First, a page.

5 reasons teams want to sign David Price
It's no secret that David Price is in line for a hefty contract this offseason.
Not only is Price arguably the best free-agent pitcher on the market, but he is one of the best starting pitchers in the game, period. There is plenty of evidence to support such a claim, which will be laid out in this latest installment of a series breaking down five key stats for some of this year's premier free agents.
Here's a closer look at five statistics that might help indicate what Price's 2016 team might be able to expect from the southpaw.
Strive for five
The magic number for a victory with Price on the mound seems to be five. Price is 68-1 over his career when his team gives him five or more runs of support while he's the pitcher of record, and that includes a 26-0 mark over the past three seasons. His only loss when receiving five or more runs came as a member of the Rays on Aug. 27, 2012, against the Rangers. Though the Rays provided him with five runs before he departed, Price was tagged for six runs on 10 hits over four-plus innings in an eventual 6-5 loss.
No current Major League pitcher has performed as well against American League Central clubs as Price. The southpaw has racked up a 2.45 ERA in 55 career outings against AL Central foes, which is the best ERA among all active pitchers with at least 25 starts against the division. As a heads up for the White Sox, Price has performed especially well against the Twins (9-3, 2.12 ERA), Indians (9-2, 2.19), Royals (2-0, 1.93) and Tigers (5-1, 2.40 ERA). That said, he's also 5-5 with a respectable 3.30 ERA in 13 starts against the White Sox.
Racking up Ks
Price tallied a Major League-high 271 strikeouts in 2014, then followed it up by striking out another 225 batters this past season. His 496 strikeouts over the past two seasons are the fourth-most during that span, behind only Clayton Kershaw (540), Max Scherzer (528) and Corey Kluber (514). Price and Kershaw are also the only two pitchers to top 200 strikeouts in at least four of the past five seasons.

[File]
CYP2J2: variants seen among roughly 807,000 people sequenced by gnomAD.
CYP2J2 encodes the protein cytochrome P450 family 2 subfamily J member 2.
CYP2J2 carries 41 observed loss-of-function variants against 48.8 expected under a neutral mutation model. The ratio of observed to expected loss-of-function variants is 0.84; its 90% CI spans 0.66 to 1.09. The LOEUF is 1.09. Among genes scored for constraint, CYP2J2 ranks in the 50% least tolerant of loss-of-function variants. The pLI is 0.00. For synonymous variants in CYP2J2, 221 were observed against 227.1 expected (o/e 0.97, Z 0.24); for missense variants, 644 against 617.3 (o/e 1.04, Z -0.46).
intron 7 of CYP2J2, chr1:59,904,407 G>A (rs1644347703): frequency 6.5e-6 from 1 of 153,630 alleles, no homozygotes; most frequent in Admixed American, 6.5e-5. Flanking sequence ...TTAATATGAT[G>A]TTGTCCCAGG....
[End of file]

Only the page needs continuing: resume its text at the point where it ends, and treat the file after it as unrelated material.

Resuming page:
Price's 2.45 ERA last season was not only the best in the AL, but also the lowest by a pitcher who played for multiple teams in the same season since John Tudor in 1988. Tudor, who finished the '88 campaign with a 2.32 ERA, pitched his first 21 games for the Cardinals before being traded to the Dodgers for his final nine starts. The team that ultimately signs Price seemingly shouldn't be worried about any type of adjustment period, as the lefty has now finished in the top six in the AL Cy Young Award voting in consecutive seasons despite pitching for multiple teams each year.
Paying for a workhorse
Though some may wonder about the toll it has taken on his arm, no pitcher has worked more innings over the past two regular seasons than Price. The 30-year-old hurler tossed a combined 220 1/3 innings this year after pitching 248 1/3 frames in 2014. That total of 468 2/3 is easily the most in the Majors, well ahead of Madison Bumgarner's 435 2/3 innings. That's a result of not only staying healthy, but also consistently working deep into ballgames. Price has completed at least seven innings in a Major League-best 45 of his 66 starts over the past two years. He's finished at least eight innings in 26 of those outings, also the most in the Majors.